Finland and Sweden ‘closer than ever’ to joining Nato after Putin’s threats backfire

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Elina Valtonen is a MP and vice-president of the National Coalition Party, which has supported Nato membership for Finland since 2006 and is in opposition.

She said, “Finland is closer than it has ever been to applying for Nato membership.For the first time people feel that the aggression that Russia has been executing towards its neighbours […] also concerns Finland and Sweden.”

This was in response to Russian rhetoric, the invasion of Georgia, the illegal annexation of Crimea, the build-up of troops on the Ukrainian border and now Russian actions in Kazakhstan, she said.

Ms Valtonen said there were emerging signs of cross-party support for the move among the younger generation of politicians.

At the end of December, Atte Harjanne, the parliamentary head of the Green Party, called on it to reverse its long held stance against Nato membership and actively campaign for Finland to join the alliance.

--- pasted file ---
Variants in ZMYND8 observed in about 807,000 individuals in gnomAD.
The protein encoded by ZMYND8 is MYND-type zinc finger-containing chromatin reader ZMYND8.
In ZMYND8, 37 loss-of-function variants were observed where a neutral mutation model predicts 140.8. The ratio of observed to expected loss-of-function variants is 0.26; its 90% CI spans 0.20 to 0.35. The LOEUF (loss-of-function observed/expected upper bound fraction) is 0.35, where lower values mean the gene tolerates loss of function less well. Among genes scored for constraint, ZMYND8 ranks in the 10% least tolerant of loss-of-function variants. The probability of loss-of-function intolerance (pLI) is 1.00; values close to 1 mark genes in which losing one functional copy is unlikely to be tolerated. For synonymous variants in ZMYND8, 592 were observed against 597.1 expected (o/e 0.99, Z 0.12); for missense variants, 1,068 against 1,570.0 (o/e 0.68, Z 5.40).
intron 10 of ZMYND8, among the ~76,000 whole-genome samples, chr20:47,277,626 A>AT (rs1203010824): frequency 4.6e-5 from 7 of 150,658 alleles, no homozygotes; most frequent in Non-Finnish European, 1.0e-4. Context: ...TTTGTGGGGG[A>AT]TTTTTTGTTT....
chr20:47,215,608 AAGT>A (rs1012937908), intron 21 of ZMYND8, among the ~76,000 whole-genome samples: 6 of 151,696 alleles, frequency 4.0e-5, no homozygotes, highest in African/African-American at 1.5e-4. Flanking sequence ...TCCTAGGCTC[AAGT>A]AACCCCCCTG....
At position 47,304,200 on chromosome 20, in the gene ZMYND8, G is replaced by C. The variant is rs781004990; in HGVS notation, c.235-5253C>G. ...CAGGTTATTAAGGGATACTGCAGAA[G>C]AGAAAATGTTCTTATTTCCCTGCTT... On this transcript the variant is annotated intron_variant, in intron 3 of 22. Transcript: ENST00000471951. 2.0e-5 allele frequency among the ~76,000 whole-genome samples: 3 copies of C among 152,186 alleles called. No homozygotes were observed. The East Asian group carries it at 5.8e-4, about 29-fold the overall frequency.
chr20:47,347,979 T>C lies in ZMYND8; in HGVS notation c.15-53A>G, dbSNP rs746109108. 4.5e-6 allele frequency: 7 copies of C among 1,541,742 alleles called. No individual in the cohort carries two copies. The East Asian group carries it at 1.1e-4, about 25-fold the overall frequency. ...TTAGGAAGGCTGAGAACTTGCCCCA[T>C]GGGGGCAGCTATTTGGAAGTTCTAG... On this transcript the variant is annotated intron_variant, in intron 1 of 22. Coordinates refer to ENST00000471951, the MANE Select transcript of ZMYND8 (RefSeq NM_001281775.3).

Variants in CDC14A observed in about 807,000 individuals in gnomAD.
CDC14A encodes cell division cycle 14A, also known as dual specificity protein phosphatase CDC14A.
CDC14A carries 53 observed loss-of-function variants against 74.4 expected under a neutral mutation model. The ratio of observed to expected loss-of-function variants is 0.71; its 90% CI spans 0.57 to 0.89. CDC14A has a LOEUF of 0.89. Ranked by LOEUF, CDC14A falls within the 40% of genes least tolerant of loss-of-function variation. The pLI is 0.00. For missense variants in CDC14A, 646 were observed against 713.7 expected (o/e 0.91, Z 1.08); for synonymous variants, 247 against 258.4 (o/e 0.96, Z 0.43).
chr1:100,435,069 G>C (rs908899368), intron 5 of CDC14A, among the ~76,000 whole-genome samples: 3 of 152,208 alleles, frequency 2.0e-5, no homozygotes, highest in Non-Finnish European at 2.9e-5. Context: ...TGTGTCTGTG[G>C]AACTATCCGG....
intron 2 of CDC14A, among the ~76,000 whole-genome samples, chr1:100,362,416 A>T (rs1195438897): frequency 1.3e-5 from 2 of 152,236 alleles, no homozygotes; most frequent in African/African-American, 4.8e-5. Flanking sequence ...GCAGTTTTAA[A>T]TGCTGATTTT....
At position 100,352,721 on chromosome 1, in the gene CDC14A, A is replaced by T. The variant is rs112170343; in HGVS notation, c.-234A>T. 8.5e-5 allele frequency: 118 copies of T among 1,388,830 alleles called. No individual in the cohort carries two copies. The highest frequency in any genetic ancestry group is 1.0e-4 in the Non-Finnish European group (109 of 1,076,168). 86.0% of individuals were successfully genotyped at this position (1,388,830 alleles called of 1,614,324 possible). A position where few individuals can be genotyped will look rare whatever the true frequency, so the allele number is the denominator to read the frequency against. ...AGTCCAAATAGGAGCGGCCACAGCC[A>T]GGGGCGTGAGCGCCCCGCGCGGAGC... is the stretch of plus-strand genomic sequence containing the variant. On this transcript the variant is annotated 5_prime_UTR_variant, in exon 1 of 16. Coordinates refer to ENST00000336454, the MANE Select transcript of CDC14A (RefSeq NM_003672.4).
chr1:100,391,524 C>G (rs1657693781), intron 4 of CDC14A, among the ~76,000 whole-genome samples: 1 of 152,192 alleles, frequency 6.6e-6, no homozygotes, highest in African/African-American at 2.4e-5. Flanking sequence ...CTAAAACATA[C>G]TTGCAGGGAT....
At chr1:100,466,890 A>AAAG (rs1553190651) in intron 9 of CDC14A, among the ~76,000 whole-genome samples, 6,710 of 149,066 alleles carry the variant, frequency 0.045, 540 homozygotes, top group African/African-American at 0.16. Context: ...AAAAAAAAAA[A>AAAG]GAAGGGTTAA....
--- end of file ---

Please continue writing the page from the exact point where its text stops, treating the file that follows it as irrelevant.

A poll last month found that only 24 per cent of Finnish citizens were positive towards joining, an increase of 2 per cent from last year, with 51 per cent against membership.

But experts believe the country’s consensus-driven culture means that this could change rapidly if the country’s president or prime minister began to campaign for membership.

Matti Pesu, a senior research fellow at the Finnish Institute of International Affairs, told the Telegraph that Russia’s demand, included in a so-called ‘draft treaty’ published on December 17, was influential.  

“The option to join NATO has been instrumentalised as a soft deterrent,” he said. “Russia’s demands, basically, would shut this NATO option, and the fear that the door is closing has sparked a rather vivid national debate.”

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